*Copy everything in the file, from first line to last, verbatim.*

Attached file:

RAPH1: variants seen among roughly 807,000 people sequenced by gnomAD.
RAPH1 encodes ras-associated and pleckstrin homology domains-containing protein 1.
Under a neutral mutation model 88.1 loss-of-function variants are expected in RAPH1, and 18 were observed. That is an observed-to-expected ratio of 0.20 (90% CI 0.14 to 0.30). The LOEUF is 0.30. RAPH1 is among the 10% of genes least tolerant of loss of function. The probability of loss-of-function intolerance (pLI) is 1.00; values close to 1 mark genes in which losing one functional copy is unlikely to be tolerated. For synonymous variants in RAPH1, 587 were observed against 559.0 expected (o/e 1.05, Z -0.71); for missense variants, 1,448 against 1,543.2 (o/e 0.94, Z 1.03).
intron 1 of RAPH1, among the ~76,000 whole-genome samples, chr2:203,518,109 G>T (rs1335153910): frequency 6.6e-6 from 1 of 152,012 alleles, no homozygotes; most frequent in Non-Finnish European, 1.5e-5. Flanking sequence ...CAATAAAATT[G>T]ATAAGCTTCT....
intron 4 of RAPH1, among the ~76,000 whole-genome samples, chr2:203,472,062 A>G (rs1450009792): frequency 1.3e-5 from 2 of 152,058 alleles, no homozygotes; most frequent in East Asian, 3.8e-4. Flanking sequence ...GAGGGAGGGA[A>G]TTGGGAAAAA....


RAPH1: variants seen among roughly 807,000 people sequenced by gnomAD.
RAPH1 encodes ras-associated and pleckstrin homology domains-containing protein 1.
Under a neutral mutation model 88.1 loss-of-function variants are expected in RAPH1, and 18 were observed. That is an observed-to-expected ratio of 0.20 (90% CI 0.14 to 0.30). The LOEUF is 0.30. RAPH1 is among the 10% of genes least tolerant of loss of function. The probability of loss-of-function intolerance (pLI) is 1.00; values close to 1 mark genes in which losing one functional copy is unlikely to be tolerated. For synonymous variants in RAPH1, 587 were observed against 559.0 expected (o/e 1.05, Z -0.71); for missense variants, 1,448 against 1,543.2 (o/e 0.94, Z 1.03).
intron 1 of RAPH1, among the ~76,000 whole-genome samples, chr2:203,518,109 G>T (rs1335153910): frequency 6.6e-6 from 1 of 152,012 alleles, no homozygotes; most frequent in Non-Finnish European, 1.5e-5. Flanking sequence ...CAATAAAATT[G>T]ATAAGCTTCT....
intron 4 of RAPH1, among the ~76,000 whole-genome samples, chr2:203,472,062 A>G (rs1450009792): frequency 1.3e-5 from 2 of 152,058 alleles, no homozygotes; most frequent in East Asian, 3.8e-4. Flanking sequence ...GAGGGAGGGA[A>G]TTGGGAAAAA....